Part of an ongoing series of posts to support better streets in the City of Sacramento during their 2023 update of Street Design Standards. New standards must be innovative, safe, and equitable, and it will take strong citizen involvement and advocacy to make them so. See also separated bikeways and bus routes, sidewalk-level bikeways, and bike lane widths.
- Bicycle facilities will be provided within 1/4 mile of every origin/destination
- Regular bike lanes (Class 2) may only be used where design and posted speeds are 30 mph or less
- Separated bikeways (Class 4) will:
- be used for design and posted speeds above 30 mph
- have a minimum width of 8 feet, to accommodate passing and wider devices
- use hard curb protection where parking protection is not available, or parking utilization is low
- Bicycle signals will be used as necessary to ensure safe crossing of intersections, appropriate priority for bicyclists, and safe transitions to and from separated bikeways
- Signals at intersections will detect bicyclists in any lane
- Streets that host large volumes of bicyclists in general purpose lanes or bike lanes will have signal timing for a green wave, accommodating bicyclist speeds of 12-15 mph and slowing motor vehicle traffic
- Parking for shared mobility devices will be provided in sufficient quantity on wide sidewalks (over 8 feet) or in the street
- On-demand bicycle parking (BikeLink or equivalent) will be provided at locations where bikes are commonly parked for more than two hours
- The city will work closely with transit agencies to ensure that bus stops with significant bicycling first mile/last mile have sufficient bike parking
- All bus routes with 30 minute frequency or better will have bus boarding islands with bike lanes or separated bikeways passing behind the island; shared bus/bike lanes will only be used to distances of not more than one block, in order to solve right-of-way issues
- Streets that provide long distance travel on with low volume and low speed motor vehicle traffic will be designated as bike boulevards, with appropriate marking, signing, and traffic calming treatment
- Shared mobility will be managed and/or owned by the city or transit agency with sufficient control to ensure social and transportation objectives, and stability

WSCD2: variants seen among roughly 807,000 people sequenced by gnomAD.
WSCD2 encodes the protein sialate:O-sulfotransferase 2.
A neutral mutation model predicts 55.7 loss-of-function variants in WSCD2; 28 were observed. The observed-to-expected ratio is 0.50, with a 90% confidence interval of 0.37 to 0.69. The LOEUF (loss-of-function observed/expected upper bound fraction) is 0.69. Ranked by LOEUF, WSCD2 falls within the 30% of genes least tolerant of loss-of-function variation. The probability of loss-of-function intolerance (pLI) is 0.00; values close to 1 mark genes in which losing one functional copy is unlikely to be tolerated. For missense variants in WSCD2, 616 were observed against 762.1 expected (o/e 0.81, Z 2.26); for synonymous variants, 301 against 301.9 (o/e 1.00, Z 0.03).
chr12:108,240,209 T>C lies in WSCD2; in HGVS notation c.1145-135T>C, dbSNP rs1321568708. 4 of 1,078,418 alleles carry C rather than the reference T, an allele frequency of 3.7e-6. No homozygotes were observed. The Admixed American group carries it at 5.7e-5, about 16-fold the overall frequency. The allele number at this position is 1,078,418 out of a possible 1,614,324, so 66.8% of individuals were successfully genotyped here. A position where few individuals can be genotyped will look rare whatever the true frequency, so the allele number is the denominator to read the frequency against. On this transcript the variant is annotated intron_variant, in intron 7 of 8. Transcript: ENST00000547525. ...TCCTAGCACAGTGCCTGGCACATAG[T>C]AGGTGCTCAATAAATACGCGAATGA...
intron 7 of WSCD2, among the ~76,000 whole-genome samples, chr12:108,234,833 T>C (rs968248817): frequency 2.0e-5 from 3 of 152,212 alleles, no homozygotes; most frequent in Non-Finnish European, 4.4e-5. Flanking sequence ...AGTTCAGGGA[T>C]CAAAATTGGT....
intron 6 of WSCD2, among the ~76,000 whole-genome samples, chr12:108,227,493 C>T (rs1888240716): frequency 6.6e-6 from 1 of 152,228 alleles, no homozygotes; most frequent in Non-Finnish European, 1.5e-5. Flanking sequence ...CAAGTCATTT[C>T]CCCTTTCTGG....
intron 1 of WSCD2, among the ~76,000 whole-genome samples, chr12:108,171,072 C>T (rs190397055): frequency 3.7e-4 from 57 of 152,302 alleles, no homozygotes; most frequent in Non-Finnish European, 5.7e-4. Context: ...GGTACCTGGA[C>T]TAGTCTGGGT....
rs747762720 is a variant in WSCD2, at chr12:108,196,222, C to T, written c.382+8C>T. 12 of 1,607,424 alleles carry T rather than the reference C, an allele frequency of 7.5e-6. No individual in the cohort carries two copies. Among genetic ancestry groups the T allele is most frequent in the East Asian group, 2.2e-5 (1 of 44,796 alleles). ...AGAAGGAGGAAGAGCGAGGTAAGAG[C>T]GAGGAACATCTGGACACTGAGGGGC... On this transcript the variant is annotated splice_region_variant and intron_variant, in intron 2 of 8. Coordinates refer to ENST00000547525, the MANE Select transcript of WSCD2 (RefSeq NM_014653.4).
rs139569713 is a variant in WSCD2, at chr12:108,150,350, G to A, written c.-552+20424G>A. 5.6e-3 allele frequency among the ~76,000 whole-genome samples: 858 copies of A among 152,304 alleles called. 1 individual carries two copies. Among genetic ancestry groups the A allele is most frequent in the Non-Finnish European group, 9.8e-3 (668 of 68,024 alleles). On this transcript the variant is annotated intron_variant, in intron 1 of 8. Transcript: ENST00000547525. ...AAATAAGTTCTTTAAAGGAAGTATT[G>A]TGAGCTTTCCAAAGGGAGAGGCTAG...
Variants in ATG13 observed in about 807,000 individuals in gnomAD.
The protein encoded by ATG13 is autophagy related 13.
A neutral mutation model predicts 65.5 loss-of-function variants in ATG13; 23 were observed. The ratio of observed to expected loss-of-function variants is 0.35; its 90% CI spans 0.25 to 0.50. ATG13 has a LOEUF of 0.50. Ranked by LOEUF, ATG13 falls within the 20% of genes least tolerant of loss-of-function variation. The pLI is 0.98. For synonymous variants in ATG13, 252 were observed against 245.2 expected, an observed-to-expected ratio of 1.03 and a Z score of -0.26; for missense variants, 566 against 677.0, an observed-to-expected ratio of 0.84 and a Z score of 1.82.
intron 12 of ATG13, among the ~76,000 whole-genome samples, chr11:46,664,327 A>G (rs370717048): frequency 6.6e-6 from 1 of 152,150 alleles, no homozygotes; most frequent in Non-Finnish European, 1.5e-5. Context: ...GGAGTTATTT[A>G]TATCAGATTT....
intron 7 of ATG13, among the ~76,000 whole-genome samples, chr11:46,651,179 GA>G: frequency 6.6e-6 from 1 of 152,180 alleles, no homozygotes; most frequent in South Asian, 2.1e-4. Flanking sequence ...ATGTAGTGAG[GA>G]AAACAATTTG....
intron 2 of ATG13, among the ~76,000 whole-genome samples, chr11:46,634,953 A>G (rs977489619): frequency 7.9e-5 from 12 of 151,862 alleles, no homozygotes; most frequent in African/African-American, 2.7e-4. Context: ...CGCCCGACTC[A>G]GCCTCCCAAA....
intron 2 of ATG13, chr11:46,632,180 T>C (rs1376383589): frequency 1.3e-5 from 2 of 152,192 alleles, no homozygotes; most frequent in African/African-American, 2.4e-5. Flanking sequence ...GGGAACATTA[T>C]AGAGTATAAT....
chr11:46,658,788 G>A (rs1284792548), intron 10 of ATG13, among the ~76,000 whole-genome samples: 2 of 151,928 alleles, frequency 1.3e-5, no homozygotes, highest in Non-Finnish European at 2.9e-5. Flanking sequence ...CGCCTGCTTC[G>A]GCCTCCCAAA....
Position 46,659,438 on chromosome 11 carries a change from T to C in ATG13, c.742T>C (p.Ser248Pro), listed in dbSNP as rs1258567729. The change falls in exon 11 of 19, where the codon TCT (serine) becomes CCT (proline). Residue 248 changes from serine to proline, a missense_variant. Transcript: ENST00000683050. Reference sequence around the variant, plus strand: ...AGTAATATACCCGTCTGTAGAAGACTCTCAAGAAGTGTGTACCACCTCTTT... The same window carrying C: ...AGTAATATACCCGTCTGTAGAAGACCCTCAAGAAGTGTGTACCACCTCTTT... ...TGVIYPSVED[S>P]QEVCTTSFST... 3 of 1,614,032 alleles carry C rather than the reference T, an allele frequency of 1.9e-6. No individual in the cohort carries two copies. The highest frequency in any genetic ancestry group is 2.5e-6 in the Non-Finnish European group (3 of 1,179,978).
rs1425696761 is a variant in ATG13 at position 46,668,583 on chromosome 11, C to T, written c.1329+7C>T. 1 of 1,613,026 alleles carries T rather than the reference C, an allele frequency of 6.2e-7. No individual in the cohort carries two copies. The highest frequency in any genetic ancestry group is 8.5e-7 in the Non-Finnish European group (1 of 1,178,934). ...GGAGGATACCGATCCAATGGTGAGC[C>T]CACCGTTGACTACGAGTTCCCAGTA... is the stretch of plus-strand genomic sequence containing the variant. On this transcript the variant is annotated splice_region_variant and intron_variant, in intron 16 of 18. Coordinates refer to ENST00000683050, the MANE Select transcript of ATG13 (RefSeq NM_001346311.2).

Design diagrams will include:
- Bike lanes (Class 2)
- Separated bikeways (Class 4)
- Bike boulevards
- Contra-flow and two-way cycletracks, for use where safe bicycle facilities are not
- available on an immediately parallel street
- Sidewalk level bike facilities
- Bicycle signal faces
- Bicycle detection at signalized intersections
- bus boarding islands
5 thoughts on “SacCity street design for bicycles and shared mobility”
To your point “Streets that provide long distance travel on with low volume and low speed motor vehicle traffic will be designated as bike boulevards, with appropriate marking, signing, and traffic calming treatment”, I think improvements to these streets will have disproportionate impact on bikability of the city. I made a map and short post here… my new hobby is QGIS….
I think additional detail on the definition of a “bike boulevard” would be useful, at least a definition of the uses it would successfully support; e.g., children cycling to school.
I would also consider strengthening “Bicycle facilities will be provided within 1/4 mile…” to the guidance that the facility is specifically a “bike boulevard” or equivalent-quality (child cyclist safe) facility.
I don’t know if you have already found this, but the county has a table of posted speed limits, which includes the city, at https://data-sacramentocounty.opendata.arcgis.com/datasets/sacramentocounty::posted-speed-limits/explore. It does not have a GIS layer, and it would require manual conversion to get it into a GIS layer.
Hmm. The link is corrupted for some reason. Try https://data-sacramentocounty.opendata.arcgis.com/search?tags=transportation and then select Posted Speed Limits.
[…] to Dan Allison, I was curious to see if my impression that the green streets are a plausible starting point for a […]
The green streets on your map at https://seanrrogers.wordpress.com/2023/04/01/bike-boulevards/ are indeed the main connectors for bicyclists. I’m not sure they should be called bike boulevards, though. I transposed the term from the Bay Area, where bike boulevards are more like local or yield streets, without regular bicyclist facilities or markings, but with low volumes and low speeds so they are comfortable for most bicyclists. They may or may not have traffic diverters (modal filters). Yes, I could have been clearer in defining bike boulevards.